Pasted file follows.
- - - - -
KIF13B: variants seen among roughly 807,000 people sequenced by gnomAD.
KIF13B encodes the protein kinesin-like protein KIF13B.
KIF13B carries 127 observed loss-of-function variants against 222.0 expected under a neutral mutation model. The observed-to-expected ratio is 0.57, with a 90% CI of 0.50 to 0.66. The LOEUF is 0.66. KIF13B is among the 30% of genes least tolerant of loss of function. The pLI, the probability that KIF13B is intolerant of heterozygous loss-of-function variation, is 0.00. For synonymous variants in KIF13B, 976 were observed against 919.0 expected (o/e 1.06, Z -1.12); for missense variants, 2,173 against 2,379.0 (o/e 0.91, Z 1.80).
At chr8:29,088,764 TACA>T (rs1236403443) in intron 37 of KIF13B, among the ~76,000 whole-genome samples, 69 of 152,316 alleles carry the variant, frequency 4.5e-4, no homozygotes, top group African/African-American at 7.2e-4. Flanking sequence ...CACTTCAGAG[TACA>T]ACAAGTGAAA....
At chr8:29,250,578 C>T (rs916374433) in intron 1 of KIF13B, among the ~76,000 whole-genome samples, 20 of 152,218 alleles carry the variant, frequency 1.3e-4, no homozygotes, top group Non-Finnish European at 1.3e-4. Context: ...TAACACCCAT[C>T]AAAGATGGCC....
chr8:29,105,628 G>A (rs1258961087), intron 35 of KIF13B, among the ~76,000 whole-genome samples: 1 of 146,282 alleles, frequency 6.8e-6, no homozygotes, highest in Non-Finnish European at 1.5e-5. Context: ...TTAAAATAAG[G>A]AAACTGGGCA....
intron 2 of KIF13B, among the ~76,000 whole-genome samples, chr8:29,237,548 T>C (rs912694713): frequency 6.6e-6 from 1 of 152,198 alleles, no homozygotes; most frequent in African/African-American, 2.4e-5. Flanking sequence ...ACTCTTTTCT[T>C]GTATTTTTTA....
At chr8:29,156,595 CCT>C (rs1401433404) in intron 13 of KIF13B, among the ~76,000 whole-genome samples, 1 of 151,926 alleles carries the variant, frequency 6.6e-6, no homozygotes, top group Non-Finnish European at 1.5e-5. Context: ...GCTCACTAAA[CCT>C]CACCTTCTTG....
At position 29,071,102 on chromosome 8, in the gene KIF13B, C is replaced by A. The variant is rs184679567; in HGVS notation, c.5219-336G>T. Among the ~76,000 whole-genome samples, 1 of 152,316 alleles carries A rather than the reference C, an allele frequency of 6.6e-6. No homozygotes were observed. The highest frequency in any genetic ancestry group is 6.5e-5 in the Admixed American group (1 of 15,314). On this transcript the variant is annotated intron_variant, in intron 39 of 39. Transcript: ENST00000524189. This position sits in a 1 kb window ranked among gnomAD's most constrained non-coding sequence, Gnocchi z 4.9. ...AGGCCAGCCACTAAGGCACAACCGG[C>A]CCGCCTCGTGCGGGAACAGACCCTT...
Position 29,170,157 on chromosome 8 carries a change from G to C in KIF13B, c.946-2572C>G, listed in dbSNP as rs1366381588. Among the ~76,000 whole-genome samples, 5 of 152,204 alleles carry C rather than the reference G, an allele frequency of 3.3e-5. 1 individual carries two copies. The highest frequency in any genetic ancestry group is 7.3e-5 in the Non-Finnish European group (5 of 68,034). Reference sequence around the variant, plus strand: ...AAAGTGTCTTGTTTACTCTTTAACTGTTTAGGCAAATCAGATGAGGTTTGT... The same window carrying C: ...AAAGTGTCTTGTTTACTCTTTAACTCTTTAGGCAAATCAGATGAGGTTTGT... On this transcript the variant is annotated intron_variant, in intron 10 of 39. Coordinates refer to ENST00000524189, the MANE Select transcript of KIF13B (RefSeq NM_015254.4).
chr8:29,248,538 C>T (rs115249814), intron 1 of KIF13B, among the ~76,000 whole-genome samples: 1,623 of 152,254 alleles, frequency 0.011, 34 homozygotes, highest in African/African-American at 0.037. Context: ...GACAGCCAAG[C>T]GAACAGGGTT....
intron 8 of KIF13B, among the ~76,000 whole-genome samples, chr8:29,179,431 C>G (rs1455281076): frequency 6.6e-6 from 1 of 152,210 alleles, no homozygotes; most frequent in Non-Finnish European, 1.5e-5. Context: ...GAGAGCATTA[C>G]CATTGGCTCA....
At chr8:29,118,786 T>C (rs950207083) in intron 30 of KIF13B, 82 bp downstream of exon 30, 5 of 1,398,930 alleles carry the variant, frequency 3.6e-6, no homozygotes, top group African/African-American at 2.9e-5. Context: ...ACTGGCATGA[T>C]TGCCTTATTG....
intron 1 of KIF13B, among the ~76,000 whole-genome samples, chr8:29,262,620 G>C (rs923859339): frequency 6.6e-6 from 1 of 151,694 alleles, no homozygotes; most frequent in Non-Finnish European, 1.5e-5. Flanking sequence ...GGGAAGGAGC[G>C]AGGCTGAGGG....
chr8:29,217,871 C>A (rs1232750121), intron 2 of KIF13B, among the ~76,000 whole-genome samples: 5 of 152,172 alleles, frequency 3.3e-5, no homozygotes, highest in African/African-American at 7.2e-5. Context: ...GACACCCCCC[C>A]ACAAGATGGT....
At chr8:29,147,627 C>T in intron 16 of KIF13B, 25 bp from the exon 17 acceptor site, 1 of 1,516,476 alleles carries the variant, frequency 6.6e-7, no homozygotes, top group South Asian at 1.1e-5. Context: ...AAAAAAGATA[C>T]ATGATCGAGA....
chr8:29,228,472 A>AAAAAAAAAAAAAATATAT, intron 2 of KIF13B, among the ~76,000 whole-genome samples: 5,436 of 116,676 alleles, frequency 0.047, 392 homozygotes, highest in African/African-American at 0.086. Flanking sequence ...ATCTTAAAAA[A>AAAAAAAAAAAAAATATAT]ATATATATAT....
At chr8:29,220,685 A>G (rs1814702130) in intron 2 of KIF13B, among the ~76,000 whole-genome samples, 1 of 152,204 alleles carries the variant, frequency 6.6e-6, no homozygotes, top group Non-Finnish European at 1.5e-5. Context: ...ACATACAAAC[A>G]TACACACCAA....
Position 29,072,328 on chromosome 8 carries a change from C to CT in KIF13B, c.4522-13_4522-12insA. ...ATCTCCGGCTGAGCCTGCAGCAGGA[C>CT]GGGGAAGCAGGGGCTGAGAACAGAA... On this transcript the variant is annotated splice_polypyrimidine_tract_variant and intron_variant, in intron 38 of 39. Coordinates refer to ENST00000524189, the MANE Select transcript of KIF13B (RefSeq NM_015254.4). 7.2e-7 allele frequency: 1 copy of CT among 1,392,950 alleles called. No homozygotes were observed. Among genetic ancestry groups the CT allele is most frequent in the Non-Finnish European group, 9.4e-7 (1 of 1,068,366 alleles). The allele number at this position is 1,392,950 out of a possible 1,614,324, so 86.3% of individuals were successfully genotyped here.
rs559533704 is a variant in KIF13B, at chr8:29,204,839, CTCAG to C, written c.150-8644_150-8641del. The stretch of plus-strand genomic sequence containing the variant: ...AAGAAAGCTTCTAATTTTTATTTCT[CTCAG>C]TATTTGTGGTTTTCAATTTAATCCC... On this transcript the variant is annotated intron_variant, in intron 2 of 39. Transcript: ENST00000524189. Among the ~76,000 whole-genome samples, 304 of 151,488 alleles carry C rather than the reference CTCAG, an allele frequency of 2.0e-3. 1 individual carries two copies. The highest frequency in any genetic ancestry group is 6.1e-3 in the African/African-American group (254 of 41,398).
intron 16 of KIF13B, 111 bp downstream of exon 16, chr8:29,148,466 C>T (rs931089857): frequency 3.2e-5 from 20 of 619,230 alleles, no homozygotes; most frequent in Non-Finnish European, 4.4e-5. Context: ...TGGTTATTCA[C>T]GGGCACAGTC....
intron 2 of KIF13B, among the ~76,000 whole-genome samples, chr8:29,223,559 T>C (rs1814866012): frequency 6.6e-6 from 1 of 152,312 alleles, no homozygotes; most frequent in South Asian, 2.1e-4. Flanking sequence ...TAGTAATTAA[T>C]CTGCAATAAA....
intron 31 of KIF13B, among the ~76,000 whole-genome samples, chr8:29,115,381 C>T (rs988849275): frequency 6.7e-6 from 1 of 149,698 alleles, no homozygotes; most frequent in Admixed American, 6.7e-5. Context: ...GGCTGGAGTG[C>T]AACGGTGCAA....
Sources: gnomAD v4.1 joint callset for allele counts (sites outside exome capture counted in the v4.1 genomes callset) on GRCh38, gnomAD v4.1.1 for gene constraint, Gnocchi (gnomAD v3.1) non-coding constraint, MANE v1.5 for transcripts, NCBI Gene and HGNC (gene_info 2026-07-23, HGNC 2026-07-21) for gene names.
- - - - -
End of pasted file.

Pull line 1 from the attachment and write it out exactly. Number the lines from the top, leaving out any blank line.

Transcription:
KIF13B: variants seen among roughly 807,000 people sequenced by gnomAD.